I recently was looking for an ethically sourced Linux laptop and came across ZaReason. CEO Cathy Malmrose‘s candid answers to my questions were the deciding factor in my decision to buy ZaReason. I saw her name in my inbox and recognized it from the Un-Scary Screwdriver piece she wrote a few months back:
Since I had been staring down a pile of excess, but still quite usable hardware, I asked my dad, â€œHey, can you wait a few weeks and your granddaughter will build you a desktop that will be ideal for video editing?â€
Since we GeekFeminism folk are foursquare for awesome women, FLOSS, cool hardware, and empowering girls and women of all ages with science and technology, Cathy Malmrose deserves a link roundup of her very own.
“How would you describe your customer base?” “Intelligent people.” I love being pandered to! :-)
On my side, I have seen inventory go unused, depreciating every day that it sits on our shelves. Laptops that are used for shows, demo models and other lightly used systems can be donated to people who could put them to good use.
Several economic and societal factors are coming together to make this an excellent time to launch the Partimus branch that can be the go-to donation center for hardware vendors who want to keep their inventory tight like we do…. The end result will be to not only donate systems to good new â€œadoptiveâ€ homes, but to encourage others to do the same unofficially in their own social circles.
In an interview with the Southern California Linux Expo, Malmrose talks at length about how her kids got her into FLOSS, the welcome and respect she feels in the open source community (more than in the business world), and women in STEM. A tiny excerpt:
Question: What methods do you use to encourage other women to get involved in technology?
Cathy: Talking about it in an open, friendly way, the same way I tell a friend about a great restaurant, a cool museum, a competent babysitter, or a fun science camp. My friends donâ€™t have to try Linux, but they sure would enjoy it if they did. There is a certain fear factor involved in computing, possibly because it seems so magical, but there are two ways to approach something you donâ€™t understand â€” with fear or with awe. When I talk about Open Source, I focus on easing the fear and projecting the awe.
In a profile feature at Linux.com, Malmrose explains how one specific welcoming community helped her go from novice to leader:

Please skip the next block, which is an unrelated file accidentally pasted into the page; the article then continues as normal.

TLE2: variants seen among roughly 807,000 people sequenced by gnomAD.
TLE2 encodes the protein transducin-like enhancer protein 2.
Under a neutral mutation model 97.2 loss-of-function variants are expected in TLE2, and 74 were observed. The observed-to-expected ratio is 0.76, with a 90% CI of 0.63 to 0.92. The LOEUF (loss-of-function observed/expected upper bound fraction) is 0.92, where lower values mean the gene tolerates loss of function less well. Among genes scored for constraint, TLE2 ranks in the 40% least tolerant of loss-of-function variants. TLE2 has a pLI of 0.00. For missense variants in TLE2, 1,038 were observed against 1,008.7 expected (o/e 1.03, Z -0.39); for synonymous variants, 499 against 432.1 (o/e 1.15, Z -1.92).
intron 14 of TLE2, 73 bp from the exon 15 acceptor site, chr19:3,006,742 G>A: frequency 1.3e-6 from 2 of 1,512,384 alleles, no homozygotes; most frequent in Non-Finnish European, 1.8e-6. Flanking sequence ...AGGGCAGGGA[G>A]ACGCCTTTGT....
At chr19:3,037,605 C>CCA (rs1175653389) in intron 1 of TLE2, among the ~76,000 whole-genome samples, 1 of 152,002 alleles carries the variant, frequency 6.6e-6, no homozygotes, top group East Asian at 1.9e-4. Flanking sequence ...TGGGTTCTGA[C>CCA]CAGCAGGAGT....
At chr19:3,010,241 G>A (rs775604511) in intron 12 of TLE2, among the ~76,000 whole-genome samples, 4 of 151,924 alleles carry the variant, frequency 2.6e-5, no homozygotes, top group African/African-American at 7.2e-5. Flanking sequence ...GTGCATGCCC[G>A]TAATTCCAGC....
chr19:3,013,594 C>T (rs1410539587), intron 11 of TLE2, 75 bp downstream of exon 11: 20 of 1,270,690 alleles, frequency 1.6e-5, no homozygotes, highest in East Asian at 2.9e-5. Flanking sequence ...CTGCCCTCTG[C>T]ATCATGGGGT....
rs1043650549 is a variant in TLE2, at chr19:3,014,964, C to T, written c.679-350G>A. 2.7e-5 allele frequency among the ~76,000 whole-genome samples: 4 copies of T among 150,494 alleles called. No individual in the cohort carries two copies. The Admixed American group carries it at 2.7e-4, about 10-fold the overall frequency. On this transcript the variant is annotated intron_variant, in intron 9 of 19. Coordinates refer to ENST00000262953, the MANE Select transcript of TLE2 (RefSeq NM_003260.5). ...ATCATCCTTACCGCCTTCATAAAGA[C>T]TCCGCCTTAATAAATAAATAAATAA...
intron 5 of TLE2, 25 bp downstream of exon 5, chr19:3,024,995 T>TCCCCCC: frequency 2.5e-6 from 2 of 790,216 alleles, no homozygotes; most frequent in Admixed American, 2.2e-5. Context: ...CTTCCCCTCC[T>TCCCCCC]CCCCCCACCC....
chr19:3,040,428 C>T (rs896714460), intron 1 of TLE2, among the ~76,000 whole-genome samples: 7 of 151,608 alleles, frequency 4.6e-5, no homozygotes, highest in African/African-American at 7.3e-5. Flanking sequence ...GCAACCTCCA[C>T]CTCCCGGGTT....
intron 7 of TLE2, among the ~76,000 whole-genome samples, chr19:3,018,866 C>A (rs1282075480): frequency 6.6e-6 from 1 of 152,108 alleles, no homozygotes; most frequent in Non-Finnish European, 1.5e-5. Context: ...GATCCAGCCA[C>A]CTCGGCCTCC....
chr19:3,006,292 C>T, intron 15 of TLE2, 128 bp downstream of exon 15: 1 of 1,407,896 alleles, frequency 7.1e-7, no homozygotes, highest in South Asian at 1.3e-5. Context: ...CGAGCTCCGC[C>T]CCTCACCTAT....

She also discovered another important aspect: community. It began with her first trip to the Alameda County Computer Resource Center, an organization that refurbishes older computer systems to give away to those less fortunate.
“I brought my own laptop and stayed in the background, too shy to do any good. I had 20+ years being shown the ‘no girls allowed’ sign on this particular tree fort. The owner, James Burgett, was explicitly approachable, and I liked him on sight. I knew he would cut me all the leeway I needed to integrate into his corner of the tech market.”
Burgett helped Malmrose break out of her shell. Whether it was observing in amazement the way the group could create order out of chaos from all the donations, to popping off the Windows super key to replace with a custom Tux key, Malmrose came into her own. “I found that every time I visited ACCRC, the people on duty were accepting and kind. They were always busy, always moving, and the rhythm surprised me.”
ACCRC played a vital role in the formation of ZaReason. “We saw James addressing the low end, shipping now more than 17,000 FOSS systems. We like the newest, fastest hardware, and we saw few reasonably priced options for the high end.”
Malmrose has video interviews up explaining how her family moved to Linux and “how her small company came to be number 3 in the sales of computers running GNU-Linux”.
I’m writing this on my new ZaReason Hoverboard, which arrived running Ubuntu Linux. (It arrived with some bad memory, I did a memtest at their advice and then shipped it back, and I got it back fixed under warranty.) Thanks for your entrepreneurship and your activism, Cathy Malmrose!
Who are your favorite female executives in tech? Tell us in the comments.